Mid-January is when the most number of UK women discover they’re pregnant.
This comes hot on the heels of January 2, which has been dubbed National Baby Making Day because it’s the most popular day for couples trying to conceive.
If you’ve followed the national trend and find yourself expecting this year, now is the perfect time to start prepping for the big day.
1. Understand the first signs of labour
Some of the most common early signs that your baby is on its way are obvious, such as painful contractions or your waters breaking.
However, some signs are closer to normal pregnancy symptoms, such as backache or having a strong urge to go to the toilet.
Read our article on the signs and stages of labour to find out how to recognise the difference between Braxton Hicks and the real deal, when to call your midwife, and more.
2. Pack your hospital bag
When you go into labour, you don’t want to find yourself frantically chucking a random assortment of items into the closest carrier bag.
Even if you’re planning a home birth, it’s worth preparing a bag just in case you end up needing to go to hospital.
The most popular hospital bag items include labour essentials, such as a nightie, drinks, snacks and a blanket for your baby.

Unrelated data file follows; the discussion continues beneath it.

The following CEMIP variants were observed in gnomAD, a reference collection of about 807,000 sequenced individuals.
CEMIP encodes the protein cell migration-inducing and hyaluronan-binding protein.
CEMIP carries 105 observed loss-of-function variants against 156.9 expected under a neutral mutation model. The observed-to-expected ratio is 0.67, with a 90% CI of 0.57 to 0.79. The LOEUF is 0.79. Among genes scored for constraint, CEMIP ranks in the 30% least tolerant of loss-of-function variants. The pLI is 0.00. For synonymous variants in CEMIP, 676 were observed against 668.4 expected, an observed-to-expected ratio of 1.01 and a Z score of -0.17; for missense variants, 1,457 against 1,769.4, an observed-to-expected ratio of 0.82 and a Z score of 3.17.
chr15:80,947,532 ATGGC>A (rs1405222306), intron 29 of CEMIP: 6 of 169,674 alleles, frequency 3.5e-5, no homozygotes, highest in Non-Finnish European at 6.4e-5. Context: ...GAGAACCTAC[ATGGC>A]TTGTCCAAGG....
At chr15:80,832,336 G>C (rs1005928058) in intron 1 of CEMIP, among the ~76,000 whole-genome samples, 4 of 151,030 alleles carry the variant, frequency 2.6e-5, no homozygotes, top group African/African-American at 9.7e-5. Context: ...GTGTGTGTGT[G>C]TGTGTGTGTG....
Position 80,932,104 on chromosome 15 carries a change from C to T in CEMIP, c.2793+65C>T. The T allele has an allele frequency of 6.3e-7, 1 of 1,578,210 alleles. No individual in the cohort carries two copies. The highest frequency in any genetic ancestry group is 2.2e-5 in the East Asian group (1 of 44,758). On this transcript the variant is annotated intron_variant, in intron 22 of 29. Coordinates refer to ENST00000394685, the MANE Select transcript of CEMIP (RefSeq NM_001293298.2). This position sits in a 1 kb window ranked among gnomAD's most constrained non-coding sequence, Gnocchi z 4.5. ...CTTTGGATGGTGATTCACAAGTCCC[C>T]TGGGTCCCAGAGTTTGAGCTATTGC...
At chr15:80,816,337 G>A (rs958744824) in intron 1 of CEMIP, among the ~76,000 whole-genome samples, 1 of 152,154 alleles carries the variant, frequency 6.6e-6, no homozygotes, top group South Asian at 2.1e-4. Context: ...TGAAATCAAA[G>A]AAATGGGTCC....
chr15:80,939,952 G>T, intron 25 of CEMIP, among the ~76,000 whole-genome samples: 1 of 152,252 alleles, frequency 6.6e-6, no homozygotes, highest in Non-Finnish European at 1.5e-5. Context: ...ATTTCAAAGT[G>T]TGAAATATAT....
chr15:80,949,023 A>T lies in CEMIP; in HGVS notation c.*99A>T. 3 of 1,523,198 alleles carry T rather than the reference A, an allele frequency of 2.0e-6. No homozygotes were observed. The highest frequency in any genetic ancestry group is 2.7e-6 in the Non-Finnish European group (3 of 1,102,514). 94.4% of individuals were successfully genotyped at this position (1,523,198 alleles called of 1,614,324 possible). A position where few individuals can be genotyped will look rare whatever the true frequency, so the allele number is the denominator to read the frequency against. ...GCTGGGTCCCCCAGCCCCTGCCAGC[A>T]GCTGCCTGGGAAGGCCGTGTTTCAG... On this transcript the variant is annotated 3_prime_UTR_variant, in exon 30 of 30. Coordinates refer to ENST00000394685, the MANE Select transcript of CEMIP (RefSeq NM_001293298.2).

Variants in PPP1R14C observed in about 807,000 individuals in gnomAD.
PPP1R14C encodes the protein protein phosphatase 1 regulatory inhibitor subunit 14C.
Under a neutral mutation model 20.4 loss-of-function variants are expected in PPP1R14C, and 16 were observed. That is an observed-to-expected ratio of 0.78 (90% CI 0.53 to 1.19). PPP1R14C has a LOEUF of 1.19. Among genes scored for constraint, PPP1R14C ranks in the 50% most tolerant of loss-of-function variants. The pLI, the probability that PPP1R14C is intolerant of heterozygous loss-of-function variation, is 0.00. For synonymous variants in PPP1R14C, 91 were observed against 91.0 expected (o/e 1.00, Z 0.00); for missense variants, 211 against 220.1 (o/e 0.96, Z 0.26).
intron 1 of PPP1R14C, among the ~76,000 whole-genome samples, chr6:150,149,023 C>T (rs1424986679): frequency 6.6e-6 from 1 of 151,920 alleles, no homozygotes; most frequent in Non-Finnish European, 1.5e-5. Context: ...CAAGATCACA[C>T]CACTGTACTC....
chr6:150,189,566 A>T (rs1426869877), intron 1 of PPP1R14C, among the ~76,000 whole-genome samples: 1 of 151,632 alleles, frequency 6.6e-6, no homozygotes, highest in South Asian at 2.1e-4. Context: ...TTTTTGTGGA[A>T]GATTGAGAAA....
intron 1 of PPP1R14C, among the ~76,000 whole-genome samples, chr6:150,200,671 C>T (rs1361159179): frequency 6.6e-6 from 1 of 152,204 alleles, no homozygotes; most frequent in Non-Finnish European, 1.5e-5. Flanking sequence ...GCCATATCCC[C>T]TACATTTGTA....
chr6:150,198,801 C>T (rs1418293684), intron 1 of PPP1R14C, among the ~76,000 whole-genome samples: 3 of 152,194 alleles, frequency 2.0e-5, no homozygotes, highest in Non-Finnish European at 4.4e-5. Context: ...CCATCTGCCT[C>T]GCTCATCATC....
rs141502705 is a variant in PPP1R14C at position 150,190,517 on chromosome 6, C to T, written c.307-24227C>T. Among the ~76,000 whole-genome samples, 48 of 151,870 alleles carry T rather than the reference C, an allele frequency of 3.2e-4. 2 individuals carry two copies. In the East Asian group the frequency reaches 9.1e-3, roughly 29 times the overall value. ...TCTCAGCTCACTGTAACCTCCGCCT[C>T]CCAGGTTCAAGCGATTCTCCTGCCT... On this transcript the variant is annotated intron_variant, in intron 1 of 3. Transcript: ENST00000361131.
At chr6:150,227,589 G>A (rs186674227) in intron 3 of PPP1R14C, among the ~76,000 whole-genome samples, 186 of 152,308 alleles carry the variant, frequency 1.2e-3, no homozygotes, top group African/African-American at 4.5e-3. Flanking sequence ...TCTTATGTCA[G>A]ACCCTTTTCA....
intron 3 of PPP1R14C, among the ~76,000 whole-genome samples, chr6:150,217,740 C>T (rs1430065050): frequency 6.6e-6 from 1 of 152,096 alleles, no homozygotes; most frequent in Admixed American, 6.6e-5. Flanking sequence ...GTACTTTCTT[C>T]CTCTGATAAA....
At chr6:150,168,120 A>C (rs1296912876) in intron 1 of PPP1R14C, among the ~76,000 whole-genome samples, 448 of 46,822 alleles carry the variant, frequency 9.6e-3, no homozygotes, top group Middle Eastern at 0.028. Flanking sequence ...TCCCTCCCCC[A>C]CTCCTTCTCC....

3. Make arrangements for dependents
Have a plan for who will mind older children when you go into hospital, especially in the middle of the night.
Ensure children know about this arrangement beforehand so they’re not fazed, especially if it’s someone unfamiliar.
Make sure the adult in charge has a child car seat if they are doing the school run or bringing the child to hospital to meet its new sibling or siblings.
Have pets? Make sure someone can look after them or pop in and feed them, especially if your labour looks like being a long one.
4. Get your birth plan ready
Your birth plan is useful to have ready ahead of time so you can share it with your midwife and birthing partner so they know what’s important to you during the birth.
It can be a full, detailed guide or simply a few key points to outline what you’d like to happen during the different stages of labour, through to the first hours with your newborn.
Even if the birth turns out differently to what you’d anticipated, medical staff and your birth partner can help you retain as much of your original vision for it as possible.
Birth doesn’t always go to plan so find out what to expect if you’re recommended inductions and interventions in labour.
5. Know your birth rights
Giving birth is a very personal experience, so it’s important to know what choices you’re entitled to make about the care you receive.
Did you know, for example, that you can change your mind about where you want to give birth, even when you’re in labour?
You are also free to make choices about your own pregnancy and childbirth, even if your caregivers don’t entirely agree with you.
- Read more on what to expect during pregnancy and birth – including everything from where and how you give birth, to the medical treatment you receive during labour.
6. Prepare your birthing partner